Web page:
Artificial Intelligence, or AI, is something of a buzzword of late, but it is a very powerful tool in our digital age. One of its most important roles is security - both in our digital and real-world lives.
Here we will briefly explore where it is being used, how it is being used, and provide some current interesting examples.
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How is AI being used in security?
AI and machine learning are being employed increasingly around the world to help preserve and improve security in many ways. From helping keep ahead of the fast-paced development of cybersecurity threats to helping law enforcement and security services prevent criminal acts, AI is becoming an essential tool to keep us all safe from malicious, or even dangerous, neer-do-wells.
For cybersecurity, the role of AI is more intuitive for the non-initiated. Cyber attacks, in particular, are growing in complexity and volume around the world.
Here AI can be employed to help, often, under-resourced security operations analysts stay ahead of the curve. AI can, for example, curate all current knowledge of threat intelligence to help provide threat insights almost instantaneously.
This helps reduce response times to cyberattacks considerably. AI can also be trained to learn by consuming billions of data artifacts from structured and unstructured sources.
This could include blogs and news stories and allows the AI, using machine learning, to improve its knowledge of cybersecurity over time. More sophisticated ones, like IBM's Watson, can even employ a form of cyber-reasoning to find relationships between suspicious files or IPs in seconds to minutes.
This greatly improves cybersecurity analysts response times to potential threats.
What companies are working on artificial intelligence security?
There are various companies working on AI security. Many larger organizations, like Microsoft and IBM, also have AI-security departments.
IBM's Watson and Microsoft's Windows Defender are examples of AI-based security solutions.
As we previously mentioned, AI can also help with physical security. Companies like Liberty Defense, a concealed weapon detection company, have been working on an AI-powered solution to help reduce weapon-related crimes.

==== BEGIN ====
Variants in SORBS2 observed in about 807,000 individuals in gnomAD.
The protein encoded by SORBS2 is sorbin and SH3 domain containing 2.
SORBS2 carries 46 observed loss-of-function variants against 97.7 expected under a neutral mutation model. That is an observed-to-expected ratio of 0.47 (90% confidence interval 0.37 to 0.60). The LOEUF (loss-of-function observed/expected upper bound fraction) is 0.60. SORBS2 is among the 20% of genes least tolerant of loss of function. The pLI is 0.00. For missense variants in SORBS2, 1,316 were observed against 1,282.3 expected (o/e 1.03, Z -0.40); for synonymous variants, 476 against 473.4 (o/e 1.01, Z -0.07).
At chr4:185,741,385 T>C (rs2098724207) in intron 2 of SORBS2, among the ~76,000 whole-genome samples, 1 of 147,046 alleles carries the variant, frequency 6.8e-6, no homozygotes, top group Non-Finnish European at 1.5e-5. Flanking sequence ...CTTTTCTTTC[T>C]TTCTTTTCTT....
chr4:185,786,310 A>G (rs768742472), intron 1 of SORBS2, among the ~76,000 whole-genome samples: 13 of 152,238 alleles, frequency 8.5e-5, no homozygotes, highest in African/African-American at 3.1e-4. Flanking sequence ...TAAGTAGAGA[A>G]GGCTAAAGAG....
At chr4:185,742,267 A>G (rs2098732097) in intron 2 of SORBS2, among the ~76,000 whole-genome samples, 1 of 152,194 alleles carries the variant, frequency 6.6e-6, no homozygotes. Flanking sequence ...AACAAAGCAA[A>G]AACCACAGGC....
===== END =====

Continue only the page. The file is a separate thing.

Called HEXWARE, the weapons detection system uses active 3D imaging and AI to assess and detect threats as groups of people pass its sensors. It was developed at MIT's Lincoln Laboratory can have been designed to be installed at the perimeter of any building.
It can be used both indoors and outdoors and detect both metallic and non-metallic threats. This is one of the few technologies of its kind that doesn't also use facial recognition - which protects the privacy of individuals.
The idea is to allow a site's security to identify a possible threat before it even enters the building.
Another example is OPENALPR's AI security software. It uses IP cameras to scan license plates and provide vehicle data including tag number, make, model, and color in real time. It recently announced it saw a 2,960% increase in coverage over the past two years, and now has 9,000 camera installs in over 70 countries.
This has wide-ranging applications from helping law enforcement detect a pattern in criminal behavior to more benign issues like parking management.
What is cognitive security?
Cognitive security is defined as:
"[The] application of AI technologies patterned on human thought processes to detect threats and protect physical and digital systems," according to whatis.techtarget.
Like many other cognitive computing techniques, these self-learning systems use data mining, pattern recognition, and natural language processing to simulate the human brain.
According to IBM, Cognitive Security can be characterized as:
"Cognitive computing [or security], an advanced type of artificial intelligences, leverages various forms of AI, including machine-learning algorithms and deep-learning networks, that get stronger and smarter over time."
This kind of cybersecurity is very effective at helping to stop cyber attacks designed to manipulate human perception.